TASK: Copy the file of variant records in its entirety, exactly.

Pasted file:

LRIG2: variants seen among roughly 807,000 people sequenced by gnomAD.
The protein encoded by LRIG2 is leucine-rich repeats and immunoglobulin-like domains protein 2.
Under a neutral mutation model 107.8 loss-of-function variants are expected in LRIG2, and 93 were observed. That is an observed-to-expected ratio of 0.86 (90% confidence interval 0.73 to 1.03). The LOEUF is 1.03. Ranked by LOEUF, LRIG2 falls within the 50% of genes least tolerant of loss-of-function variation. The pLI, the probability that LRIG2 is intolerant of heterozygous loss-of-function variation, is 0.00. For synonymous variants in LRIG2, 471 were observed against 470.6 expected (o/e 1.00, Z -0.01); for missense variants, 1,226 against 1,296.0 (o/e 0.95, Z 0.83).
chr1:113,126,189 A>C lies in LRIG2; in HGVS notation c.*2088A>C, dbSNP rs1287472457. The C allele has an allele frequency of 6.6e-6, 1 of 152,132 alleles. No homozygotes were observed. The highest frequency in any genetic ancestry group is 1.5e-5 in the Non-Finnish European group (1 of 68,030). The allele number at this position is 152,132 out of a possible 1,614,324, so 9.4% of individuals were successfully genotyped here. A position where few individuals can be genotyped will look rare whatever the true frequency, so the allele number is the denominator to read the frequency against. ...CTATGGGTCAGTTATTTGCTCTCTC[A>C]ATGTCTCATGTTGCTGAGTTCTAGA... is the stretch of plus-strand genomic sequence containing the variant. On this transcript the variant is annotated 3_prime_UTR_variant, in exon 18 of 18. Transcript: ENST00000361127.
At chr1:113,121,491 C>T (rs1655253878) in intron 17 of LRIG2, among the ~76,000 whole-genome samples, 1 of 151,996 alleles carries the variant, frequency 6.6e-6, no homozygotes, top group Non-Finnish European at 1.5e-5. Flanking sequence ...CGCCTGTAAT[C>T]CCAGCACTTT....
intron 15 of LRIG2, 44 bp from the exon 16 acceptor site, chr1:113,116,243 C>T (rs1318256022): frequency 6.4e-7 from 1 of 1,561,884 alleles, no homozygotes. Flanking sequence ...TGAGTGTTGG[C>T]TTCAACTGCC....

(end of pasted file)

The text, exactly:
LRIG2: variants seen among roughly 807,000 people sequenced by gnomAD.
The protein encoded by LRIG2 is leucine-rich repeats and immunoglobulin-like domains protein 2.
Under a neutral mutation model 107.8 loss-of-function variants are expected in LRIG2, and 93 were observed. That is an observed-to-expected ratio of 0.86 (90% confidence interval 0.73 to 1.03). The LOEUF is 1.03. Ranked by LOEUF, LRIG2 falls within the 50% of genes least tolerant of loss-of-function variation. The pLI, the probability that LRIG2 is intolerant of heterozygous loss-of-function variation, is 0.00. For synonymous variants in LRIG2, 471 were observed against 470.6 expected (o/e 1.00, Z -0.01); for missense variants, 1,226 against 1,296.0 (o/e 0.95, Z 0.83).
chr1:113,126,189 A>C lies in LRIG2; in HGVS notation c.*2088A>C, dbSNP rs1287472457. The C allele has an allele frequency of 6.6e-6, 1 of 152,132 alleles. No homozygotes were observed. The highest frequency in any genetic ancestry group is 1.5e-5 in the Non-Finnish European group (1 of 68,030). The allele number at this position is 152,132 out of a possible 1,614,324, so 9.4% of individuals were successfully genotyped here. A position where few individuals can be genotyped will look rare whatever the true frequency, so the allele number is the denominator to read the frequency against. ...CTATGGGTCAGTTATTTGCTCTCTC[A>C]ATGTCTCATGTTGCTGAGTTCTAGA... is the stretch of plus-strand genomic sequence containing the variant. On this transcript the variant is annotated 3_prime_UTR_variant, in exon 18 of 18. Transcript: ENST00000361127.
At chr1:113,121,491 C>T (rs1655253878) in intron 17 of LRIG2, among the ~76,000 whole-genome samples, 1 of 151,996 alleles carries the variant, frequency 6.6e-6, no homozygotes, top group Non-Finnish European at 1.5e-5. Flanking sequence ...CGCCTGTAAT[C>T]CCAGCACTTT....
intron 15 of LRIG2, 44 bp from the exon 16 acceptor site, chr1:113,116,243 C>T (rs1318256022): frequency 6.4e-7 from 1 of 1,561,884 alleles, no homozygotes. Flanking sequence ...TGAGTGTTGG[C>T]TTCAACTGCC....